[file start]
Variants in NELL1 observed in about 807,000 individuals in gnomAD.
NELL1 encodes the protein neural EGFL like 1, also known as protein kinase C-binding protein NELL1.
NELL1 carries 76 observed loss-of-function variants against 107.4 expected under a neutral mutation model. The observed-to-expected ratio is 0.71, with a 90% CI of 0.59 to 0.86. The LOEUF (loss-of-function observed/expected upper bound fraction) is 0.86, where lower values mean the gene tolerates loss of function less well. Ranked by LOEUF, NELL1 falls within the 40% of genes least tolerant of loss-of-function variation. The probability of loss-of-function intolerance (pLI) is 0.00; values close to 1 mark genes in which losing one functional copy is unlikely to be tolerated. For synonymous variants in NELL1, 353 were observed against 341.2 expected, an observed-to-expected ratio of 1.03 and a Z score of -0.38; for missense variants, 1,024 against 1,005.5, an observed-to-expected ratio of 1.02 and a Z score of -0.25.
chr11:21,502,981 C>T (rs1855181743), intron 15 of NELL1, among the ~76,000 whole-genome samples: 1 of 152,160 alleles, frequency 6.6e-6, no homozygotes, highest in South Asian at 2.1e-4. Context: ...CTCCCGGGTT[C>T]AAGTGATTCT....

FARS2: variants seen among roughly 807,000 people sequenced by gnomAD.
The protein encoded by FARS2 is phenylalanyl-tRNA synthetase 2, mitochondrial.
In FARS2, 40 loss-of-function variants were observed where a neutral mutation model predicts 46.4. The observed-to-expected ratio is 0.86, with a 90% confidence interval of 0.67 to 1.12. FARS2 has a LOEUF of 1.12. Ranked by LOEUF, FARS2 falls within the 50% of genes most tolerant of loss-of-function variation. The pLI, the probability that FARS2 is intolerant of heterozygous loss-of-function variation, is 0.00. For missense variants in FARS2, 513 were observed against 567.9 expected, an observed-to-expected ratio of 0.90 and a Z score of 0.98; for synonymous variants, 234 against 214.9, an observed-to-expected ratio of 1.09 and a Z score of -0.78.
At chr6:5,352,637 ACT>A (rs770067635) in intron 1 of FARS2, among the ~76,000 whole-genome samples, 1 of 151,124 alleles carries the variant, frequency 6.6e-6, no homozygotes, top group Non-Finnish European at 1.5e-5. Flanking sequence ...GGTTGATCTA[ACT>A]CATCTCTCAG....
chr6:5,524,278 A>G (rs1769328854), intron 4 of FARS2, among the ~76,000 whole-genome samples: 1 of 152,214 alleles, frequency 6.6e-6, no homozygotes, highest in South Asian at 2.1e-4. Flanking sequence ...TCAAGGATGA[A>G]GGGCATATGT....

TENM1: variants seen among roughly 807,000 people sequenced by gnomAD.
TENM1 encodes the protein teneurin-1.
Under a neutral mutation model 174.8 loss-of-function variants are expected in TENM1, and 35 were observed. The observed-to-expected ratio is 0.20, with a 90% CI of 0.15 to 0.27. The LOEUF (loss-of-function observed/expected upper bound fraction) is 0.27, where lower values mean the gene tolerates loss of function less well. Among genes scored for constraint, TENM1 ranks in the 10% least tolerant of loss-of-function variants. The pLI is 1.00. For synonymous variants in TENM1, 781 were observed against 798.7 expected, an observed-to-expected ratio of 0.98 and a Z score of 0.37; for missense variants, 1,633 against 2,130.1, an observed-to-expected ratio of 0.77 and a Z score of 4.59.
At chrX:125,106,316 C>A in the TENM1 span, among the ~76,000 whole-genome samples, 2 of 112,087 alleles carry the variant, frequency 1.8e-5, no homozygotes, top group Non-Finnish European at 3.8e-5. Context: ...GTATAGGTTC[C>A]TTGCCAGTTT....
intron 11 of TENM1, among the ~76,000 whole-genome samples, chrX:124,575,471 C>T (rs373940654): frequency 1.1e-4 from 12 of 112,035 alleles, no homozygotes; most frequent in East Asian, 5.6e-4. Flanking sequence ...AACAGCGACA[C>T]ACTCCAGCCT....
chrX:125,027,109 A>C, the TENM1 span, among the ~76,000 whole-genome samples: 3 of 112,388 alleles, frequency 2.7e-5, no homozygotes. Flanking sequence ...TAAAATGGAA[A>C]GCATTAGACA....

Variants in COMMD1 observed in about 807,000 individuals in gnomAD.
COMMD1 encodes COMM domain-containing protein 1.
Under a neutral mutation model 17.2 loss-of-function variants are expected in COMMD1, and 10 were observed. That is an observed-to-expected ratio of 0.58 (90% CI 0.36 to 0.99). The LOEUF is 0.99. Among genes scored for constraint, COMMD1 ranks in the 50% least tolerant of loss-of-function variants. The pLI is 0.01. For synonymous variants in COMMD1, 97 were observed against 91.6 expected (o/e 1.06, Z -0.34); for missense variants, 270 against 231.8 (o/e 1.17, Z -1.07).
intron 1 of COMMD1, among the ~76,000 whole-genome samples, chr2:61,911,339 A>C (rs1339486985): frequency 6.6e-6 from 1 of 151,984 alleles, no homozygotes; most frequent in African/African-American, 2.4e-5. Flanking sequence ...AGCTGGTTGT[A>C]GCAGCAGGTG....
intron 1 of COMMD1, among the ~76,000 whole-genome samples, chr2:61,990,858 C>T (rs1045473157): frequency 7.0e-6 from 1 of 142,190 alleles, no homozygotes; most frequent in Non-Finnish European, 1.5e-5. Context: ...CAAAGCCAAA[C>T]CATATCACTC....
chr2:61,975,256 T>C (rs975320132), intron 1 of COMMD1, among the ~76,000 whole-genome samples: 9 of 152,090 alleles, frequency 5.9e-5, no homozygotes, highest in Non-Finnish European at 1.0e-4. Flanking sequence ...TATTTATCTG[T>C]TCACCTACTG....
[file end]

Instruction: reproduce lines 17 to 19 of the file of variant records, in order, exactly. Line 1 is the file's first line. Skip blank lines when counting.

COMMD1 encodes COMM domain-containing protein 1.
Under a neutral mutation model 17.2 loss-of-function variants are expected in COMMD1, and 10 were observed. That is an observed-to-expected ratio of 0.58 (90% CI 0.36 to 0.99). The LOEUF is 0.99. Among genes scored for constraint, COMMD1 ranks in the 50% least tolerant of loss-of-function variants. The pLI is 0.01. For synonymous variants in COMMD1, 97 were observed against 91.6 expected (o/e 1.06, Z -0.34); for missense variants, 270 against 231.8 (o/e 1.17, Z -1.07).
intron 1 of COMMD1, among the ~76,000 whole-genome samples, chr2:61,911,339 A>C (rs1339486985): frequency 6.6e-6 from 1 of 151,984 alleles, no homozygotes; most frequent in African/African-American, 2.4e-5. Flanking sequence ...AGCTGGTTGT[A>C]GCAGCAGGTG....